Blog 5: surrounded by trees
I’ll hand the story-telling back to the students:
“This is the day where we will trek along the habitat of orangutan. In order to go to the area, we have to get on the long boat again. There is a time where the boys have to get out of the boat to give ease to the one who drives the boat as the river is small and hard to go through as logs can be spotted. After passing the small river, we went through a lake, the lake itself is very beautiful and it is said that Arwana and crocodile can be found at this place.”
“We passed Danau Sentarum, which was just beautiful. It felt so pristine. I hope it stays that way for a long time.”
“Not much talking this trip. There was too much beauty to look at.”
We landed at the research station which sits surrounded by trees in the midst of a forest. It’s a simple wooden building with 3 rooms for sleeping, a bathroom (running water!) and a wide verandah. It was built here because the area was being logged illegally – the idea was that placing the station there would help deter the illegal activities.
We rested awhile and then separated into groups for a hike:
“And then…there was…the hike. It was AMAZING. I just had the time of my life walking through the dense jungle with no trails or any sort of man-made structures. We had to swing on trees, slip up and down super steep hills and avoid thorny plants. The hike was also quite educational as we learnt about the stages and positions of orangutan nests. We also learnt how to recognize edible plants in the forest. I hope I never get lost but if I did, I reckon I could survive.”
“I learned a lot of interesting survival skills during the jungle trekking including plants that we can eat and how to get water from trees! Sadly, we didn’t get to see any orangutan; I think we were too loud… At the end of the day, I think I shouldn’t have been scared off by the jungle trekking because it turned out to be a lot of fun!”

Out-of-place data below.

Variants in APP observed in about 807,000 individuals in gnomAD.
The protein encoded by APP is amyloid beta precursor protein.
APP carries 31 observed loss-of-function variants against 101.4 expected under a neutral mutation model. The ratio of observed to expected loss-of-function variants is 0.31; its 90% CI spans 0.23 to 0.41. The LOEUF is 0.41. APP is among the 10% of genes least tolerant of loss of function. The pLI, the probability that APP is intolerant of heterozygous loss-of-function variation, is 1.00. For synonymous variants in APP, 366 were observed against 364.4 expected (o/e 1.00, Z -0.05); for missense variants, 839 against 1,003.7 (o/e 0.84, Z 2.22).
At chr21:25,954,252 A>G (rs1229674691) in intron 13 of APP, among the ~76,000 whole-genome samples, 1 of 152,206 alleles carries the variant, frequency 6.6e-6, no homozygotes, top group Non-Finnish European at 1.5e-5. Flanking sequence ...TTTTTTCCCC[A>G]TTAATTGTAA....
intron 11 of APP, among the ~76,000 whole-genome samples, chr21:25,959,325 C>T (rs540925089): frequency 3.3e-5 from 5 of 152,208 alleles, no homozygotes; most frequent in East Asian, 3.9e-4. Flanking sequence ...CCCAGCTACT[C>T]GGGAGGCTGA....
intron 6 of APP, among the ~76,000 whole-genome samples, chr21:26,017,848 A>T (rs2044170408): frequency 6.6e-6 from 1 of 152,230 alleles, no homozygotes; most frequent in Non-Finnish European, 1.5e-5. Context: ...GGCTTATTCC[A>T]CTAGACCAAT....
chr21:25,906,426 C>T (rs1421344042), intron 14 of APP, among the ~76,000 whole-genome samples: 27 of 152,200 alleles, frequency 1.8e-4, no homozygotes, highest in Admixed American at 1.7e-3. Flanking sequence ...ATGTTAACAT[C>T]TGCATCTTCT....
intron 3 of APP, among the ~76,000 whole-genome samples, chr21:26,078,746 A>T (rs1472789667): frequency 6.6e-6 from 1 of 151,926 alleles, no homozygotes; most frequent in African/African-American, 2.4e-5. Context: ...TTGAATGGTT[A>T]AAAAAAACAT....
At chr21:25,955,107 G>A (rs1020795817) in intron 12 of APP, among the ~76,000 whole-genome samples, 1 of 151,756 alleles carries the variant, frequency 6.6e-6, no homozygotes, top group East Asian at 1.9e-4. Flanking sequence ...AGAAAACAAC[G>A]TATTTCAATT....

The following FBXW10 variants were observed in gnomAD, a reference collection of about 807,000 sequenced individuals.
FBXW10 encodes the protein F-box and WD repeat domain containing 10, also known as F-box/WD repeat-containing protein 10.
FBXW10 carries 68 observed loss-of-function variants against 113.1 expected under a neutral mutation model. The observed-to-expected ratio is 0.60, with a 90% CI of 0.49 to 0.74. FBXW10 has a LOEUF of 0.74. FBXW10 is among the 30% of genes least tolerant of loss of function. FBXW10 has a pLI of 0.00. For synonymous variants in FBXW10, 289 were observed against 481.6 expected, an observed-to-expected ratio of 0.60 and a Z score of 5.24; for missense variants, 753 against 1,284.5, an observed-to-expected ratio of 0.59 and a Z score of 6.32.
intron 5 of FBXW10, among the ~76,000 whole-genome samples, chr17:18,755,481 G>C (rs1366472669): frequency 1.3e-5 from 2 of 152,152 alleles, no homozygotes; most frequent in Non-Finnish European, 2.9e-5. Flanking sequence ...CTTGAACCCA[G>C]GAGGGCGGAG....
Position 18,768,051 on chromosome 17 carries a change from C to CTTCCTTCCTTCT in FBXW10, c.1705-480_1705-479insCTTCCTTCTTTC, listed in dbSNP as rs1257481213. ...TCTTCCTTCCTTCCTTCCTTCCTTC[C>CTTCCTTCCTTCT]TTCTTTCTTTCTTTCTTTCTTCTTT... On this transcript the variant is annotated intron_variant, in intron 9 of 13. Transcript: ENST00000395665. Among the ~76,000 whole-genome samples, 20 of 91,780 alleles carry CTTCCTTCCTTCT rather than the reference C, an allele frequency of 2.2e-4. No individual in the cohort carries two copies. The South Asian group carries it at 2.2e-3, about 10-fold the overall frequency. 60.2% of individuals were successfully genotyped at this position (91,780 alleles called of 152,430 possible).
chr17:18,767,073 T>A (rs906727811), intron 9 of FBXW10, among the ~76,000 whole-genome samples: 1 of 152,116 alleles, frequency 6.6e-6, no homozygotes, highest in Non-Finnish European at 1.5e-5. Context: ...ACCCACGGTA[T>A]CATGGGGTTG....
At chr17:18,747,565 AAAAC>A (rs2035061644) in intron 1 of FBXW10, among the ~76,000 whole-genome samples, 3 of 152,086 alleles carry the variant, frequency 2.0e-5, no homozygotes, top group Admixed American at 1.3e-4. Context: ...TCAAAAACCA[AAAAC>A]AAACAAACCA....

“During the trekking activity, I had the chance to receive a photography lesson given by Pak Sugeng (WWF's photographer), I learned about the 1/3 rule as well as the right proportion of a photo. During the trek, we saw mushrooms, normal mushrooms as well as the black ones. We also saw 2 orangutans nests, but too bad we didn't encounter any of the orangutans. Although, we almost saw a gibbon but then it went away after hearing our voices.”
“The hike was unlike any other hike I’ve experienced before…I was so exhausted by the end of it, but it was amazing! I feel like I have climbed Mt Everest or something!”
“The hike was the best part of the trip…we didn’t see any orangutan but we did see nests. Hendri (our guide) taught us the positions and 5 classes of the nest and then tested us.
The jungle was thick and it made it more challenging and fun to trek. We only saw giant ants (no other wildlife) but I’m not surprised as we did often forget to be quiet. It was so inspiring for Hendri to express his love of trees.”
We spent the night sitting around a bonfire, telling stories, sharing talents (or lack of!). These diary entries sum up the end of the evening nicely:
“Before going to sleep, my friends and I spend our time by playing cards, when we did, we heard someone singing and it turns out that the singer Nugie has arrived!!! whoaaa!!!”
Nugie, his assistant, and a handful of WWF staff serenade us into the night. Nugie, an Indonesian musician and keen WWF supporter, has joined the trip to experience the Heart of Borneo and help us promote our work here.
“There was a bonfire at night. We traded experiences. Went to bed really early. We had a 1cm pad for a bed and a mosquito net for a blanket. I fell asleep immediately.”